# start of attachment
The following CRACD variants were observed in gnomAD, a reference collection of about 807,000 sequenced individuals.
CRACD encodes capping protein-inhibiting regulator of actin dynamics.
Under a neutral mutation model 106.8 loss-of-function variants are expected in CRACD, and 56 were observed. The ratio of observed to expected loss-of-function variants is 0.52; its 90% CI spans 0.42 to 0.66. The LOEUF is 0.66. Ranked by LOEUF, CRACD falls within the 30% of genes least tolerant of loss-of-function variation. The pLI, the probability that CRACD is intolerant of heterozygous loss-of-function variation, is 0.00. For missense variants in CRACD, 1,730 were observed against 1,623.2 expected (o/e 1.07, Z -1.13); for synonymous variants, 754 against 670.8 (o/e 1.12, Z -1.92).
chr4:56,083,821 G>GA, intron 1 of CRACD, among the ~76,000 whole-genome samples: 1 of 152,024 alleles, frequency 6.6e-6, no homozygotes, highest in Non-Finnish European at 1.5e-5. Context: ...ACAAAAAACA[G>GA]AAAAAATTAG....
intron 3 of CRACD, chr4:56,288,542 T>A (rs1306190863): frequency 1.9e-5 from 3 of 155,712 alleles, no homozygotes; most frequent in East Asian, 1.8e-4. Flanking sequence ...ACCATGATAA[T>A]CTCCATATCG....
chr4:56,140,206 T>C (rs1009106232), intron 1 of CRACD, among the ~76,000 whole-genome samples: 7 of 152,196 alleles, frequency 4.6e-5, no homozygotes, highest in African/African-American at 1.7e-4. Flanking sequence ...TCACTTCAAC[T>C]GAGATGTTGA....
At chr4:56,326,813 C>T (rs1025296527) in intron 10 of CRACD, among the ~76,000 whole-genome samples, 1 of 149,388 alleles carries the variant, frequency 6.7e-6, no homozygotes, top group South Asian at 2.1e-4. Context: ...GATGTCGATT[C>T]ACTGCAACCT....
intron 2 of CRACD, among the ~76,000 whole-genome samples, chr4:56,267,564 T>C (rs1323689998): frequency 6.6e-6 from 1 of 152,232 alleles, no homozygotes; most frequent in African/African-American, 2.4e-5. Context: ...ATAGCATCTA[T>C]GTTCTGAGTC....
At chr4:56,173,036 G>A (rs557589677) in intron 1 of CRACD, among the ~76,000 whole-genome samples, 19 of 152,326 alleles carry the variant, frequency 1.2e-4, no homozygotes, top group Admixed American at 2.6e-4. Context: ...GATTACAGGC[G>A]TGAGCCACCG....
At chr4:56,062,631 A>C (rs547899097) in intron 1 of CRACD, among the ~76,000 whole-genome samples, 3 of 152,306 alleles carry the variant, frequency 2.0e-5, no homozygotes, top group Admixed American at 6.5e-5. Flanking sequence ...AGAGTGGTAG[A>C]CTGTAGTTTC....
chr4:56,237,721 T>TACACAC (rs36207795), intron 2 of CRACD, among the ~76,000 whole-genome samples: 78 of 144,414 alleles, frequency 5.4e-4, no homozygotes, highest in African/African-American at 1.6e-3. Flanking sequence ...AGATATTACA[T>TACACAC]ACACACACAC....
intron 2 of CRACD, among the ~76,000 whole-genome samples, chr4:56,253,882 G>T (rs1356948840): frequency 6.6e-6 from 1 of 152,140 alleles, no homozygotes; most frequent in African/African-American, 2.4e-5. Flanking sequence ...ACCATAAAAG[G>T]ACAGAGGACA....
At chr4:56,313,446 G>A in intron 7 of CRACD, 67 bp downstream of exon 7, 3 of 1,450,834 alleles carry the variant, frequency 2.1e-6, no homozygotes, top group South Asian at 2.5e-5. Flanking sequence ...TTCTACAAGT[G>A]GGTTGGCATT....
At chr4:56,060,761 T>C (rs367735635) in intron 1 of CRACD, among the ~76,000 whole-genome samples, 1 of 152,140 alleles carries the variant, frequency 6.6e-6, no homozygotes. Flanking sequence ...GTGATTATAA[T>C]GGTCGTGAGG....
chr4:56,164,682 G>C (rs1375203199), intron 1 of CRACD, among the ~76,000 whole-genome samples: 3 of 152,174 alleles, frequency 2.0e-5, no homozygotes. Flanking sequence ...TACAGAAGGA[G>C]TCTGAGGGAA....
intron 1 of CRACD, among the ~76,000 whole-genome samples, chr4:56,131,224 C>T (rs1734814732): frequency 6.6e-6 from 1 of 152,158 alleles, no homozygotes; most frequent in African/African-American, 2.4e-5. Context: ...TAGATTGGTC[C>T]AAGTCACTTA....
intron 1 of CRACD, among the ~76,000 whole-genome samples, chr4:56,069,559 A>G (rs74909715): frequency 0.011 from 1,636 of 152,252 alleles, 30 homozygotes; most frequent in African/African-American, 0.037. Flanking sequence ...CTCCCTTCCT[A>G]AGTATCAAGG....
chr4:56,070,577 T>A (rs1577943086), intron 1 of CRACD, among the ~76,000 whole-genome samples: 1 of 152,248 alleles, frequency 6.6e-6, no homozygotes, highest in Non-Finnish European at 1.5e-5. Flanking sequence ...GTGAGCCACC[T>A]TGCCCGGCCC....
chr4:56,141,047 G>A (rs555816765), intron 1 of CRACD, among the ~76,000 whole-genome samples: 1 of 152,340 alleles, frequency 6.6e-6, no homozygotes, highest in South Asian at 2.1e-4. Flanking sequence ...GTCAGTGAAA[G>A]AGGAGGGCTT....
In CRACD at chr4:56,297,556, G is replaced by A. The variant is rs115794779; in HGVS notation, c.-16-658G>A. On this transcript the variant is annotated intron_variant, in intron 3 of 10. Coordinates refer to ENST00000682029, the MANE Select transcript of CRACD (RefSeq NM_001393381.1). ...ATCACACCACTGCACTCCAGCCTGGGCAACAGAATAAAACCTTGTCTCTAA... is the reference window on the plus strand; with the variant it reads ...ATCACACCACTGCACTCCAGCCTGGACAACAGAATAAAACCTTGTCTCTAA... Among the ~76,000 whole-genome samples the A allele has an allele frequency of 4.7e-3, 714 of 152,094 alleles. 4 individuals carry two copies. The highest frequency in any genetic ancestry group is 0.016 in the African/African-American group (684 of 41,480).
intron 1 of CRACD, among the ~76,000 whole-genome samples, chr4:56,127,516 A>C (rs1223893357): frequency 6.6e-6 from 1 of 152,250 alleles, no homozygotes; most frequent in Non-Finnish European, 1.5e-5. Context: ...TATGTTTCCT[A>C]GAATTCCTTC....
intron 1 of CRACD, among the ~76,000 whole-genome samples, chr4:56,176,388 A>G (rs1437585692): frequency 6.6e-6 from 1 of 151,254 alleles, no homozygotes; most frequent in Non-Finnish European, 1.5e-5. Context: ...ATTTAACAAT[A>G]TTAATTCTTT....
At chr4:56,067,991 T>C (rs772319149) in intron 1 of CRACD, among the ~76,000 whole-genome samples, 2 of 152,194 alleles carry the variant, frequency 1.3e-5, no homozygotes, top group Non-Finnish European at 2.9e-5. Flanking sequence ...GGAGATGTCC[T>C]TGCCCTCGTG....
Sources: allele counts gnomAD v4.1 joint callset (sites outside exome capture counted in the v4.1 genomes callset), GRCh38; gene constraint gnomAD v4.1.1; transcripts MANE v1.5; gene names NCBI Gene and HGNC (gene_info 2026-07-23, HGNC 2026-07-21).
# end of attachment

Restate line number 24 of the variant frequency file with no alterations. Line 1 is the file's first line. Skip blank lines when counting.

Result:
Sources: allele counts gnomAD v4.1 joint callset (sites outside exome capture counted in the v4.1 genomes callset), GRCh38; gene constraint gnomAD v4.1.1; transcripts MANE v1.5; gene names NCBI Gene and HGNC (gene_info 2026-07-23, HGNC 2026-07-21).